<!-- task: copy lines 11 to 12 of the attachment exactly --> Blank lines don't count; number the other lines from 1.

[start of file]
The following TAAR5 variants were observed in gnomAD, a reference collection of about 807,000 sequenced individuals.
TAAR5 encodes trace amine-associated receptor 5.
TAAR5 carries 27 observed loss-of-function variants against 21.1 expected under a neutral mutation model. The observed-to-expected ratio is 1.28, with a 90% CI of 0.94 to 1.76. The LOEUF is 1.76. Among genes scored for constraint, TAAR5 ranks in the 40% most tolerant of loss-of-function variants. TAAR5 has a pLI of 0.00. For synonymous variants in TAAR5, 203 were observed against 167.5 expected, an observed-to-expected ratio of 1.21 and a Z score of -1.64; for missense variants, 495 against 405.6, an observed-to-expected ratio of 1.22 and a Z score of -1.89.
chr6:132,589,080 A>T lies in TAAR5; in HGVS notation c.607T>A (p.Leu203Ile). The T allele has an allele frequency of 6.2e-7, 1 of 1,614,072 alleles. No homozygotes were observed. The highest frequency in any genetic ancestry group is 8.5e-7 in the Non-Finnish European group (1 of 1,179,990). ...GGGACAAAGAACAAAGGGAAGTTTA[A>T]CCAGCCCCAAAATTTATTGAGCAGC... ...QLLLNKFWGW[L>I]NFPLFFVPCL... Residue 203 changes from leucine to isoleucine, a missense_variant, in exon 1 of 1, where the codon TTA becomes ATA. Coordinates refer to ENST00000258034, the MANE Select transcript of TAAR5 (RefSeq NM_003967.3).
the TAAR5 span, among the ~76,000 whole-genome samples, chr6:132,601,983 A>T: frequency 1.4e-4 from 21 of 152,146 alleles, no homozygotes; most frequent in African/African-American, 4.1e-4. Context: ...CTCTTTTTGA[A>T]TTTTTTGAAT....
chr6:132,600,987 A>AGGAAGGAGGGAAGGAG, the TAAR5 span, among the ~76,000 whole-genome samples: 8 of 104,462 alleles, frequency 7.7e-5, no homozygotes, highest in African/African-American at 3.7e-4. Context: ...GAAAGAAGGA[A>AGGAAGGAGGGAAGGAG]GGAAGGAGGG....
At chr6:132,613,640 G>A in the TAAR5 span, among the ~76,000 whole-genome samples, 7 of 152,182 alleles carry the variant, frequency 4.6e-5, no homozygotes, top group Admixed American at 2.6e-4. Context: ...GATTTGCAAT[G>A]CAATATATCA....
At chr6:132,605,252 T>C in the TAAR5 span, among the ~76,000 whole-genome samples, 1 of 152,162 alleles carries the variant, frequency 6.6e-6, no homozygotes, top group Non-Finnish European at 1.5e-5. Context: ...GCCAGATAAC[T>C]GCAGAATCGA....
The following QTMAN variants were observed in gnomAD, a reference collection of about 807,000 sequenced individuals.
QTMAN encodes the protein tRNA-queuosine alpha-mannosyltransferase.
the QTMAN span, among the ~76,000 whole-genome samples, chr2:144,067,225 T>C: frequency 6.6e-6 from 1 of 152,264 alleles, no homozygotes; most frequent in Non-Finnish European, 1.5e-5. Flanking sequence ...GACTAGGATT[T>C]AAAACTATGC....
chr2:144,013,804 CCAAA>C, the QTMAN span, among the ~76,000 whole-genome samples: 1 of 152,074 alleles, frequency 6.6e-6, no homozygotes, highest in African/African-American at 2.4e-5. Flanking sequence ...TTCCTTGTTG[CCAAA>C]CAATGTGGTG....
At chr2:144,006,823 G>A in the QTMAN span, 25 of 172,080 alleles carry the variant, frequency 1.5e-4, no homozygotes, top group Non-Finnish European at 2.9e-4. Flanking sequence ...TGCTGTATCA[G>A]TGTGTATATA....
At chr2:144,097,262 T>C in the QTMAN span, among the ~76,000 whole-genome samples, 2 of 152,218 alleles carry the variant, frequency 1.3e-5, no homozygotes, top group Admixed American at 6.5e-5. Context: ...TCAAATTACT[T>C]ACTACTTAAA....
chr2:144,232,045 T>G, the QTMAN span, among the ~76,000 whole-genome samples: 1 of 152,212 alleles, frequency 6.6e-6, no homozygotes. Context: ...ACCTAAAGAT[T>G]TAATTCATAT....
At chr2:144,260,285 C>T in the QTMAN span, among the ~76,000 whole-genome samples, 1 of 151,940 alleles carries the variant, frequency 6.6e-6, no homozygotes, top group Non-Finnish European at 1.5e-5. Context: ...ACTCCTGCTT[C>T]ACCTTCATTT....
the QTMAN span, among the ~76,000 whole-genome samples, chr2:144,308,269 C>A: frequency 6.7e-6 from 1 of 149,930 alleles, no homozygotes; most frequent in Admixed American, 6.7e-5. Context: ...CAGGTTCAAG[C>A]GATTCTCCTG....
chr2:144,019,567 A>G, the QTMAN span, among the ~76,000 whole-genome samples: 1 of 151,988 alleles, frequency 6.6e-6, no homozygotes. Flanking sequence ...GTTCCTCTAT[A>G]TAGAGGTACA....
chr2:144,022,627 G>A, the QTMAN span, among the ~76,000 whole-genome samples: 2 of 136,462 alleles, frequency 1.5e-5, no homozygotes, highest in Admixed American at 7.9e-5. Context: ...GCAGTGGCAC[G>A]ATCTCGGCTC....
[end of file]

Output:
the QTMAN span, among the ~76,000 whole-genome samples, chr2:144,067,225 T>C: frequency 6.6e-6 from 1 of 152,264 alleles, no homozygotes; most frequent in Non-Finnish European, 1.5e-5. Flanking sequence ...GACTAGGATT[T>C]AAAACTATGC....
chr2:144,013,804 CCAAA>C, the QTMAN span, among the ~76,000 whole-genome samples: 1 of 152,074 alleles, frequency 6.6e-6, no homozygotes, highest in African/African-American at 2.4e-5. Flanking sequence ...TTCCTTGTTG[CCAAA>C]CAATGTGGTG....